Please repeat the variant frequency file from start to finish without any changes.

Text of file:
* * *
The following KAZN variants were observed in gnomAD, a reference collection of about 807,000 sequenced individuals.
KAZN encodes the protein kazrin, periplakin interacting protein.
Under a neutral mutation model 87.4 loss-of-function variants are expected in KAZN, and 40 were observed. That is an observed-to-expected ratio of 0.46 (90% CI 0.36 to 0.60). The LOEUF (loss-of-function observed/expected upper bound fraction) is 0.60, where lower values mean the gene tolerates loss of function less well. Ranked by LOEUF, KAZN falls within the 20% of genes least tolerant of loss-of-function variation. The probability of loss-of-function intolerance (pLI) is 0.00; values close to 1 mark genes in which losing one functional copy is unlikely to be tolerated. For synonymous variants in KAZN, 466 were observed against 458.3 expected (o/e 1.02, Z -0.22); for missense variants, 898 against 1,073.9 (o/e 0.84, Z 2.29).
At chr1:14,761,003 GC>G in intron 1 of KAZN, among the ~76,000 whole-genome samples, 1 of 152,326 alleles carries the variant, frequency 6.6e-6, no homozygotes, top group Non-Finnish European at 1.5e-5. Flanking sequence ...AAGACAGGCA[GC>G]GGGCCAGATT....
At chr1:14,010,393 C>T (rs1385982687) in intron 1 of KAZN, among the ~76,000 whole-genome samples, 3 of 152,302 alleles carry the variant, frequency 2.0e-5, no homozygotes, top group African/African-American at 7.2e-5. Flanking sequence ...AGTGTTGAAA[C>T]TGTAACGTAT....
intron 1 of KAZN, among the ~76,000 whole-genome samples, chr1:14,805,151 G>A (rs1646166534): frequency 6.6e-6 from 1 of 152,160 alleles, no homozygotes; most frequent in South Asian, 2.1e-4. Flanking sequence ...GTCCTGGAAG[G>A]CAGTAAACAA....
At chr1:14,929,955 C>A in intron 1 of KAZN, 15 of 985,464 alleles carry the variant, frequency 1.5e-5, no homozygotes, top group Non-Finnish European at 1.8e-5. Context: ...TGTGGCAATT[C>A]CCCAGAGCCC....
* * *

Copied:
The following KAZN variants were observed in gnomAD, a reference collection of about 807,000 sequenced individuals.
KAZN encodes the protein kazrin, periplakin interacting protein.
Under a neutral mutation model 87.4 loss-of-function variants are expected in KAZN, and 40 were observed. That is an observed-to-expected ratio of 0.46 (90% CI 0.36 to 0.60). The LOEUF (loss-of-function observed/expected upper bound fraction) is 0.60, where lower values mean the gene tolerates loss of function less well. Ranked by LOEUF, KAZN falls within the 20% of genes least tolerant of loss-of-function variation. The probability of loss-of-function intolerance (pLI) is 0.00; values close to 1 mark genes in which losing one functional copy is unlikely to be tolerated. For synonymous variants in KAZN, 466 were observed against 458.3 expected (o/e 1.02, Z -0.22); for missense variants, 898 against 1,073.9 (o/e 0.84, Z 2.29).
At chr1:14,761,003 GC>G in intron 1 of KAZN, among the ~76,000 whole-genome samples, 1 of 152,326 alleles carries the variant, frequency 6.6e-6, no homozygotes, top group Non-Finnish European at 1.5e-5. Flanking sequence ...AAGACAGGCA[GC>G]GGGCCAGATT....
At chr1:14,010,393 C>T (rs1385982687) in intron 1 of KAZN, among the ~76,000 whole-genome samples, 3 of 152,302 alleles carry the variant, frequency 2.0e-5, no homozygotes, top group African/African-American at 7.2e-5. Flanking sequence ...AGTGTTGAAA[C>T]TGTAACGTAT....
intron 1 of KAZN, among the ~76,000 whole-genome samples, chr1:14,805,151 G>A (rs1646166534): frequency 6.6e-6 from 1 of 152,160 alleles, no homozygotes; most frequent in South Asian, 2.1e-4. Flanking sequence ...GTCCTGGAAG[G>A]CAGTAAACAA....
At chr1:14,929,955 C>A in intron 1 of KAZN, 15 of 985,464 alleles carry the variant, frequency 1.5e-5, no homozygotes, top group Non-Finnish European at 1.8e-5. Context: ...TGTGGCAATT[C>A]CCCAGAGCCC....